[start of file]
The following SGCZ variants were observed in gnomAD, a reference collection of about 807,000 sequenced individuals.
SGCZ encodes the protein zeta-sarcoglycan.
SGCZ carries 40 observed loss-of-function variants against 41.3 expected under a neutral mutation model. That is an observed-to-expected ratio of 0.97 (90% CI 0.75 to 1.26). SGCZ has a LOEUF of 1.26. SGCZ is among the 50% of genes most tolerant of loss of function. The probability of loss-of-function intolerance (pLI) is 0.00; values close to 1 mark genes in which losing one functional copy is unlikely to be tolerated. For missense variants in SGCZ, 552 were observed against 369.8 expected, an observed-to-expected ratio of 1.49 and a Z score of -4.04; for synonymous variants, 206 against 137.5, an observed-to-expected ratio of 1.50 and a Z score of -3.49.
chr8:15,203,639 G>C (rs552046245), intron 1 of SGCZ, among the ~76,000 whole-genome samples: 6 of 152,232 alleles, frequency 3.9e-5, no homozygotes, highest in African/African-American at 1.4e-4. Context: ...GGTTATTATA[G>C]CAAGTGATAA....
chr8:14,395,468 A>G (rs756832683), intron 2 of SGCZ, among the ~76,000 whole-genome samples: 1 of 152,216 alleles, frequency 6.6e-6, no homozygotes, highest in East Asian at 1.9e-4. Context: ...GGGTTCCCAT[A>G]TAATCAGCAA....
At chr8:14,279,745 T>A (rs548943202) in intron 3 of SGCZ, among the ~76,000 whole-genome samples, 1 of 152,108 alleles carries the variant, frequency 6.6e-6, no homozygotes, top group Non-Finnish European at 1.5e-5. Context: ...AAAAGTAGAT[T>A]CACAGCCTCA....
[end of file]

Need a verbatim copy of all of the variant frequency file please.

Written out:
The following SGCZ variants were observed in gnomAD, a reference collection of about 807,000 sequenced individuals.
SGCZ encodes the protein zeta-sarcoglycan.
SGCZ carries 40 observed loss-of-function variants against 41.3 expected under a neutral mutation model. That is an observed-to-expected ratio of 0.97 (90% CI 0.75 to 1.26). SGCZ has a LOEUF of 1.26. SGCZ is among the 50% of genes most tolerant of loss of function. The probability of loss-of-function intolerance (pLI) is 0.00; values close to 1 mark genes in which losing one functional copy is unlikely to be tolerated. For missense variants in SGCZ, 552 were observed against 369.8 expected, an observed-to-expected ratio of 1.49 and a Z score of -4.04; for synonymous variants, 206 against 137.5, an observed-to-expected ratio of 1.50 and a Z score of -3.49.
chr8:15,203,639 G>C (rs552046245), intron 1 of SGCZ, among the ~76,000 whole-genome samples: 6 of 152,232 alleles, frequency 3.9e-5, no homozygotes, highest in African/African-American at 1.4e-4. Context: ...GGTTATTATA[G>C]CAAGTGATAA....
chr8:14,395,468 A>G (rs756832683), intron 2 of SGCZ, among the ~76,000 whole-genome samples: 1 of 152,216 alleles, frequency 6.6e-6, no homozygotes, highest in East Asian at 1.9e-4. Context: ...GGGTTCCCAT[A>G]TAATCAGCAA....
At chr8:14,279,745 T>A (rs548943202) in intron 3 of SGCZ, among the ~76,000 whole-genome samples, 1 of 152,108 alleles carries the variant, frequency 6.6e-6, no homozygotes, top group Non-Finnish European at 1.5e-5. Context: ...AAAAGTAGAT[T>A]CACAGCCTCA....